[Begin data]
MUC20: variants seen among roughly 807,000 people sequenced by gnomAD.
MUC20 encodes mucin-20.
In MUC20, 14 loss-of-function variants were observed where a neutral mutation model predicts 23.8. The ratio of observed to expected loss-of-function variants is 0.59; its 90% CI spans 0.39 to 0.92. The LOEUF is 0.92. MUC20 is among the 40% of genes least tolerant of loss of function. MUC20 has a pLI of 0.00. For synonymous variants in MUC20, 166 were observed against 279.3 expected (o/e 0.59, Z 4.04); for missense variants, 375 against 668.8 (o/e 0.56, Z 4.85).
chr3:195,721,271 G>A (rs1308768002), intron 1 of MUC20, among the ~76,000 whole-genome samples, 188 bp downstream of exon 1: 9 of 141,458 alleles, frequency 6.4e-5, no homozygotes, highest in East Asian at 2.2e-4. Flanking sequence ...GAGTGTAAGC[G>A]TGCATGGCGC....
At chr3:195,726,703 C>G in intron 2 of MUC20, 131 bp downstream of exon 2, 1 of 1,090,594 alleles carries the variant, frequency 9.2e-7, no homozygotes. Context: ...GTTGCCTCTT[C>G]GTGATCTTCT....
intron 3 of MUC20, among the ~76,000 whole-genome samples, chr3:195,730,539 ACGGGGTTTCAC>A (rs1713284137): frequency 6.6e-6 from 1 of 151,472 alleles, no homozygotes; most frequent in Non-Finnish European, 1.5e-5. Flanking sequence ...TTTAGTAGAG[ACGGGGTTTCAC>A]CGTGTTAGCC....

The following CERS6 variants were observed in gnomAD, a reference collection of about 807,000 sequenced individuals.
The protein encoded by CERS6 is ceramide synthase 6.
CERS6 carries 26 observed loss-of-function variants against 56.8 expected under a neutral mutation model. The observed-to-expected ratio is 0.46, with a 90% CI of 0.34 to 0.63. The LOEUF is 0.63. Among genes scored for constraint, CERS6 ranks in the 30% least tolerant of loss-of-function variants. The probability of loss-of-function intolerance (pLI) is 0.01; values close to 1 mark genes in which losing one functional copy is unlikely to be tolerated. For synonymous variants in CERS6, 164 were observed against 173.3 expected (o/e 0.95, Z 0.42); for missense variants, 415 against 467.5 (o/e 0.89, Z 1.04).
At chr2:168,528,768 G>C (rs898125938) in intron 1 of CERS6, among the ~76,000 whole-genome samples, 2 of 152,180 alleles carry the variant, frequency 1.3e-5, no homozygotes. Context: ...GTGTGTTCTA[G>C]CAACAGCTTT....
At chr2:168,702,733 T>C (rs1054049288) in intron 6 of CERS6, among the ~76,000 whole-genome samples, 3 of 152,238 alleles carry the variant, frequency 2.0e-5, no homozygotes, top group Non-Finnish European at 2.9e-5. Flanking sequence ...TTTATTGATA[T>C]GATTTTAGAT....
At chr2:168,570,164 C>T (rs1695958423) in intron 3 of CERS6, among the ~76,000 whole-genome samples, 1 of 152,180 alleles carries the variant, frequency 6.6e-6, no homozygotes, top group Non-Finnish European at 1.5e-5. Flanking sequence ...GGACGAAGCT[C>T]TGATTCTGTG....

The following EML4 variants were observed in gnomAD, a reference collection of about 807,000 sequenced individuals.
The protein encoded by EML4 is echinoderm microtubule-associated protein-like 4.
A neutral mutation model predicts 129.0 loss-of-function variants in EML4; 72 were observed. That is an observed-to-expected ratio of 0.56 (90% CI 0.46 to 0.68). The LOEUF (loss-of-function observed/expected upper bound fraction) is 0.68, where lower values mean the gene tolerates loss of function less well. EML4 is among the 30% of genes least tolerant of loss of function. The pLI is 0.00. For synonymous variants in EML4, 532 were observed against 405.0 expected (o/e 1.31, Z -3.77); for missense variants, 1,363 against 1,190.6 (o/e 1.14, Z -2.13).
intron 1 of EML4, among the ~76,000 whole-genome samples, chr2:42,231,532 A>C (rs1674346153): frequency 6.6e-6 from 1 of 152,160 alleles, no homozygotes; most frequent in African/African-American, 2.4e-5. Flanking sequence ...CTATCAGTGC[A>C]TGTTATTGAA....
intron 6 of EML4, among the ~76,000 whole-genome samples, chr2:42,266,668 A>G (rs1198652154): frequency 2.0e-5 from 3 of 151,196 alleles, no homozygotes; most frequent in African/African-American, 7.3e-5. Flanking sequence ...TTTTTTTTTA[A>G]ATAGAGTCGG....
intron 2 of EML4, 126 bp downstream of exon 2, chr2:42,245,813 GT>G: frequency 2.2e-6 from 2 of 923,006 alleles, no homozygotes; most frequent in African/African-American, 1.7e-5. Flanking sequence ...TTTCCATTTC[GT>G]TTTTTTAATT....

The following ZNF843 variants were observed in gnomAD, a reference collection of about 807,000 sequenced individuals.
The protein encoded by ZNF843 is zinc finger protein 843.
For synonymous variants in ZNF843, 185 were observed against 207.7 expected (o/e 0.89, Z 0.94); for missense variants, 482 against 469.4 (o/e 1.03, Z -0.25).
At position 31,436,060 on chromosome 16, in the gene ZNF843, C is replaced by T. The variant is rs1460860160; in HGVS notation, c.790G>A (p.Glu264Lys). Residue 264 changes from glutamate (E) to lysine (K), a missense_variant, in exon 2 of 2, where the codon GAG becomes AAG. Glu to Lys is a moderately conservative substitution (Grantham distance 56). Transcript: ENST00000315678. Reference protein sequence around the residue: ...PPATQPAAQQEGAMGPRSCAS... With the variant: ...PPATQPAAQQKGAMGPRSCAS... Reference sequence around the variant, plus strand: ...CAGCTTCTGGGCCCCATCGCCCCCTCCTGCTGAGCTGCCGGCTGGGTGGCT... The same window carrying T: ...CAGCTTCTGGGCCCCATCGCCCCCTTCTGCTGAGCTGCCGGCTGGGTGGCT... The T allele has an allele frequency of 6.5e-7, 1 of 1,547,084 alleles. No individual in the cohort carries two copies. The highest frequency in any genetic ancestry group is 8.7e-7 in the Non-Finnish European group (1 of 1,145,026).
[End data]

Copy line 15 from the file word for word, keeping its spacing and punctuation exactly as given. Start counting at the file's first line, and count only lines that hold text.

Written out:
A neutral mutation model predicts 129.0 loss-of-function variants in EML4; 72 were observed. That is an observed-to-expected ratio of 0.56 (90% CI 0.46 to 0.68). The LOEUF (loss-of-function observed/expected upper bound fraction) is 0.68, where lower values mean the gene tolerates loss of function less well. EML4 is among the 30% of genes least tolerant of loss of function. The pLI is 0.00. For synonymous variants in EML4, 532 were observed against 405.0 expected (o/e 1.31, Z -3.77); for missense variants, 1,363 against 1,190.6 (o/e 1.14, Z -2.13).